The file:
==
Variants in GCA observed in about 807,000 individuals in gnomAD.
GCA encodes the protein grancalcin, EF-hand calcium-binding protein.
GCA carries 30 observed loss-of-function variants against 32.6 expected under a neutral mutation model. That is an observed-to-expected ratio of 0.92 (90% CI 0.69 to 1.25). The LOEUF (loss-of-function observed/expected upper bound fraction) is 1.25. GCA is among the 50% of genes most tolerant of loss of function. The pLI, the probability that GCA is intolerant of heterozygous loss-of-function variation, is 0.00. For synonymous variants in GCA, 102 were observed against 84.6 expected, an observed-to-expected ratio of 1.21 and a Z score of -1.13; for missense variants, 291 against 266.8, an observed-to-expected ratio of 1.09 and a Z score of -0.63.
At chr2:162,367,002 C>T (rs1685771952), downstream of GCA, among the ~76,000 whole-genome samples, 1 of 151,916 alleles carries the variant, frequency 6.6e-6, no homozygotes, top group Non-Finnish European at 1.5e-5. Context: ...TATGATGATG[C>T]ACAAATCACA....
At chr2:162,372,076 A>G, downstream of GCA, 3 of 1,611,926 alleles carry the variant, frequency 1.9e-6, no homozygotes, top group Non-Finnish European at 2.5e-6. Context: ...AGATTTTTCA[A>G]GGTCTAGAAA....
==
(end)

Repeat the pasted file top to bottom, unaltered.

Variants in GCA observed in about 807,000 individuals in gnomAD.
GCA encodes the protein grancalcin, EF-hand calcium-binding protein.
GCA carries 30 observed loss-of-function variants against 32.6 expected under a neutral mutation model. That is an observed-to-expected ratio of 0.92 (90% CI 0.69 to 1.25). The LOEUF (loss-of-function observed/expected upper bound fraction) is 1.25. GCA is among the 50% of genes most tolerant of loss of function. The pLI, the probability that GCA is intolerant of heterozygous loss-of-function variation, is 0.00. For synonymous variants in GCA, 102 were observed against 84.6 expected, an observed-to-expected ratio of 1.21 and a Z score of -1.13; for missense variants, 291 against 266.8, an observed-to-expected ratio of 1.09 and a Z score of -0.63.
At chr2:162,367,002 C>T (rs1685771952), downstream of GCA, among the ~76,000 whole-genome samples, 1 of 151,916 alleles carries the variant, frequency 6.6e-6, no homozygotes, top group Non-Finnish European at 1.5e-5. Context: ...TATGATGATG[C>T]ACAAATCACA....
At chr2:162,372,076 A>G, downstream of GCA, 3 of 1,611,926 alleles carry the variant, frequency 1.9e-6, no homozygotes, top group Non-Finnish European at 2.5e-6. Context: ...AGATTTTTCA[A>G]GGTCTAGAAA....